We were going to go the moon and then to the planets beyond. We could find new frontiers, plant our flags, build colonies, jump from world to world, star to star, and turn our civilization into something more than another archeological dig. Maybe it was all just a crazy dream, but looking at the eyes of the men who did it and who died and die seeing it undone, there is that sense that they believed that it could be done.
Going to the moon was a crazy idea of course. Going beyond it would have been even crazier. Instead we settled down to the important things, like race relations, the importance of listening to music, breaking up the family, importing huge numbers of people with little use for our way of life and all the other stupid suicidal things that dying civilizations do to pass the time.
The eagle landed in a mud puddle in D.C. The last men who walked on the moon will probably be dead within a decade.
We'll tell our kids about it and they'll shake their heads because what's the big deal anyway? Everyone flies around in spaceships in all the movies. Why bother doing it in real life? They don't bother doing anything in real life. And then they'll go off to another class that will teach them how much carbon waste the space program added and how many super-hurricanes it caused and how much better off we are now that we no longer have cars, plastic bags or air conditioning.
We could have gone to the stars, but we took another road instead. Maybe we can still turn back to a time when we could do great things before it's too late.
My God, the truth of what you said is so sharp that it cuts like a knife and wounds just as deeply. There is nothing more to be said, but there is one more question to be asked...ReplyDelete
Why haven't we fought back, why do we not rage rage against the dying of the light?
The moon landing was the stuff of dreams, and at times, I have to stop and think that many people alive today were not here to witness such an historic event. The barbarians are at the gate and new generations are too blind to see their own demise coming. They don't care, not while they can play video games and just block out reality.ReplyDelete
We haven't fought back because there is no organized "we", only millions of "I's" who sense something is wrong, but lack the words to express it and the program to resist itReplyDelete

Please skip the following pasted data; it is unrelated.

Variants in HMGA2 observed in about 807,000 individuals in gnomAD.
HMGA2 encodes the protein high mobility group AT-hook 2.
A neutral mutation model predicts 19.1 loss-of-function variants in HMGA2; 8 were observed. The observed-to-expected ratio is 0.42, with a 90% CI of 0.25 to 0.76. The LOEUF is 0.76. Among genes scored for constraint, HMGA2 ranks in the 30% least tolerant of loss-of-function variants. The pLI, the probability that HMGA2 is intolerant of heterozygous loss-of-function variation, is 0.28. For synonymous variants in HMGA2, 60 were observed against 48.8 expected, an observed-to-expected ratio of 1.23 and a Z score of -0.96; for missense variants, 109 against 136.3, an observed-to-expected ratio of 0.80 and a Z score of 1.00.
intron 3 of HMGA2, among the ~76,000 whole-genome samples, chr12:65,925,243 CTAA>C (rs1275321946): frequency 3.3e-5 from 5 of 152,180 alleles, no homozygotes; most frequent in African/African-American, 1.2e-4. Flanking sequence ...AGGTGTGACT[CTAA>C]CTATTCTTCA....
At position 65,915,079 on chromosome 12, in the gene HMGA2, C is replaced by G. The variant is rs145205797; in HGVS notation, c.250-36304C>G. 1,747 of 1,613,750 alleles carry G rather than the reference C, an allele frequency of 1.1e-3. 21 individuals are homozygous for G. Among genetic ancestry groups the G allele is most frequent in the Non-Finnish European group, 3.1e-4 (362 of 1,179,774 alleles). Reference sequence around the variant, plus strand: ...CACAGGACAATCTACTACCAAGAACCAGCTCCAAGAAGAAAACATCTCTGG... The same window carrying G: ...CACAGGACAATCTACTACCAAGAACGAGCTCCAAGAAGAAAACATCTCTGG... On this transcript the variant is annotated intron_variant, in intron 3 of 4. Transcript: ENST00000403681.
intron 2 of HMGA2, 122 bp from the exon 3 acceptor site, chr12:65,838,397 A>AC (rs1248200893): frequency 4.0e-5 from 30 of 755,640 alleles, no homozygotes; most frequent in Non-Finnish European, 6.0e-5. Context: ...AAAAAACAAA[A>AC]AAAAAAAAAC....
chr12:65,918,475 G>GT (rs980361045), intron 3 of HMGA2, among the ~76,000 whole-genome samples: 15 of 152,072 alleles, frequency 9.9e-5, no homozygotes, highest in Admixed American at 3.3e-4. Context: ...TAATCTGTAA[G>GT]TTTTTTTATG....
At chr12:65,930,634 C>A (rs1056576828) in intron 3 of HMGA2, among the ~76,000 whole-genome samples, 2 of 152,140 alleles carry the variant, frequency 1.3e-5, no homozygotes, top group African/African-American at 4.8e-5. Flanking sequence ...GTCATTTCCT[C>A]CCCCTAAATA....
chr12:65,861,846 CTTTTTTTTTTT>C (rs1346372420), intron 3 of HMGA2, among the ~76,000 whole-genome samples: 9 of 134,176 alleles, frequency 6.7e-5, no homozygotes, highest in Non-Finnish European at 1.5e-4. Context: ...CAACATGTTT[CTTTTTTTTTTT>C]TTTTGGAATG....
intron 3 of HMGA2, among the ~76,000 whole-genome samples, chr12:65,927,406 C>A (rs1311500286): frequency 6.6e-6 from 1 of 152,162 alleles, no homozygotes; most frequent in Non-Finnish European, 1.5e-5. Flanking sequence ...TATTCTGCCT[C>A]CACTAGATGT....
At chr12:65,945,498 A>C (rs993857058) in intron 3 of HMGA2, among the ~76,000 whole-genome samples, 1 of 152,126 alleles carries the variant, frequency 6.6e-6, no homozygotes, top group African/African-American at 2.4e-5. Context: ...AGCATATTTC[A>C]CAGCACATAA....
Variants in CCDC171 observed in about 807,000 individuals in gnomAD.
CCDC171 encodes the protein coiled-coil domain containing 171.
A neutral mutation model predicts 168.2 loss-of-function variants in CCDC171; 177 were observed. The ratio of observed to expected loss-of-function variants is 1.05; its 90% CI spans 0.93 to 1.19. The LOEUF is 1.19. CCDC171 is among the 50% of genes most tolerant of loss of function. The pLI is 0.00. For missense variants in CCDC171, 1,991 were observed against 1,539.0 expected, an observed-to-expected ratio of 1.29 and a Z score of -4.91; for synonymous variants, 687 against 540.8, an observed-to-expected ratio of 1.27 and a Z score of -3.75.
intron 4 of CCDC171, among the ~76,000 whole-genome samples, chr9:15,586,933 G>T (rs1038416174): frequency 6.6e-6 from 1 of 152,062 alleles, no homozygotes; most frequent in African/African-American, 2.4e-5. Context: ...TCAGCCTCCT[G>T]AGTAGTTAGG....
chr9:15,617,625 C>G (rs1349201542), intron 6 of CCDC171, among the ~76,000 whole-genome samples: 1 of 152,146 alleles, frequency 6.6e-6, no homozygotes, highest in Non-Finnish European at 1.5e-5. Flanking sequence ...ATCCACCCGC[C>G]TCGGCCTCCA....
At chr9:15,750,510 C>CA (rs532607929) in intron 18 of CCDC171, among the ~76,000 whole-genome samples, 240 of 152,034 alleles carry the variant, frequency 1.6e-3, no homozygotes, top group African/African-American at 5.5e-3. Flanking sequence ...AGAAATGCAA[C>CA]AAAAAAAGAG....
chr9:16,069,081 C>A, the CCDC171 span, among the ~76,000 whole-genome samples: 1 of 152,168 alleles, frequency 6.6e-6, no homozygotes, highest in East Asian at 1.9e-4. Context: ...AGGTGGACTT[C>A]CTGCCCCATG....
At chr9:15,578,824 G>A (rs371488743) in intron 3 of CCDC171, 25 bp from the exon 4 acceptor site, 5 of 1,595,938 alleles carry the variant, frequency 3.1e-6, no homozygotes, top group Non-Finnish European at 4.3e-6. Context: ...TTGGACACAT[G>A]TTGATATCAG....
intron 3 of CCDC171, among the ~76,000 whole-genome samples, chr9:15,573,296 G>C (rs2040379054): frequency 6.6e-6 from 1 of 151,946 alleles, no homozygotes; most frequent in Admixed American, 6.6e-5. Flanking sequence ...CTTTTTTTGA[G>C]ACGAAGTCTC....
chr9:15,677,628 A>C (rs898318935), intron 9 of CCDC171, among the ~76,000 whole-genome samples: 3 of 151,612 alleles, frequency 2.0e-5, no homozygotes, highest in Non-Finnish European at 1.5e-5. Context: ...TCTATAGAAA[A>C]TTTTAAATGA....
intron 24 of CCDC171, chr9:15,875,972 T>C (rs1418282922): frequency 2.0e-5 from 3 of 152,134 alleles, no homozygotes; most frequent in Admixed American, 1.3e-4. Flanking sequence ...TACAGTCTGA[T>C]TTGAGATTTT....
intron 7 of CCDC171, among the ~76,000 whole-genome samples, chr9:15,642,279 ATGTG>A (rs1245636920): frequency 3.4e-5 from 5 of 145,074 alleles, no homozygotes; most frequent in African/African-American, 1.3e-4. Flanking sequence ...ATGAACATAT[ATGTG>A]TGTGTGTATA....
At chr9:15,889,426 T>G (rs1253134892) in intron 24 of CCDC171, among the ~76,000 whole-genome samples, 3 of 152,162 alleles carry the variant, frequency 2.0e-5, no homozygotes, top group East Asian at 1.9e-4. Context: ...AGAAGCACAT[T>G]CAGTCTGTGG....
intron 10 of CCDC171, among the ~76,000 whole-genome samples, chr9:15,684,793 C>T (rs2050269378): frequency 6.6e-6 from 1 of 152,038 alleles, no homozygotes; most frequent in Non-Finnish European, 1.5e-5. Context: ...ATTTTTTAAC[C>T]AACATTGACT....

It's a heart-breaking essay you've written here, Daniel, and quite damning of the Left and its nose-in-the-muck agenda. Aside from the moon-landings, there are other feats of space exploration that need to be cited: our Mars landings, from the Vikings to the remote-controlled robotic rovers to the reconnaissance satellites orbiting Mars, landing a probe on an asteroid, smashing a comet head-on to see what debris was ejected, the two Mariner and Voyager planetary probes which have left or are leaving our solar system for interstellar space, launched decades ago, the Galileo probe that explored Jupiter and its moons, the Cassini-Hudgens probe of Saturn and Titan, to name a few technological and scientific feats. Not to mention the discovery of planets around other stars, once mere speculation, now verifiable evidence. Perhaps it's not too late to rediscover the road not taken. You end with the observation that we "lack the words to express" what we sense is wrong "and the program to resist it." What we need is not so much a "program" but a philosophy of reason that would enable us to raise our heads to see the stars instead of bowing our heads in humility and self-immolation, which is all our current politics wishes us to do.ReplyDelete
FTA: "...we value attitude more than competence because not everyone can have competence, but everyone can have attitude."ReplyDelete
Daniel, I laughed out loud when I came to that one! Whew! A fact well-put is unforgettable. Your colleague, Mark Steyn hit the same bullseye from another angle: Public education in America is "subjecting its present population to a public “education” system that’s little more than unionized child abuse."
As long as You, Styen & others like you defend the Peace and Liberty of the United States with your words and your deeds, the Torch of Liberty will not be extinguished.
"Damn the torpedoes! Full speed ahead!"
May the Creator of The Universe bless and keep you all.
We were able to go to the moon because our immigration policy included Werner Von Braun. Our current immigration policy will have us all chewing Khat to forget we live in a failed state, just waiting for orders from our warlord.ReplyDelete
Daniel is correct - there is no un-hyphenated Americans capable of organizing. Too soon the federal government will achieve the bankruptcy that the Detroit government achieved. The true American dream of advancing frontiers was lost in the false home ownership dream that became equity to spend and retirement to enjoy.ReplyDelete
Being a great nation and achieving great things would make the muslims feel bad about themselves. American exceptionalism is offensive to the rest of the world. Liberals felt guilty about American exceptionalism so they set out to destroy us.ReplyDelete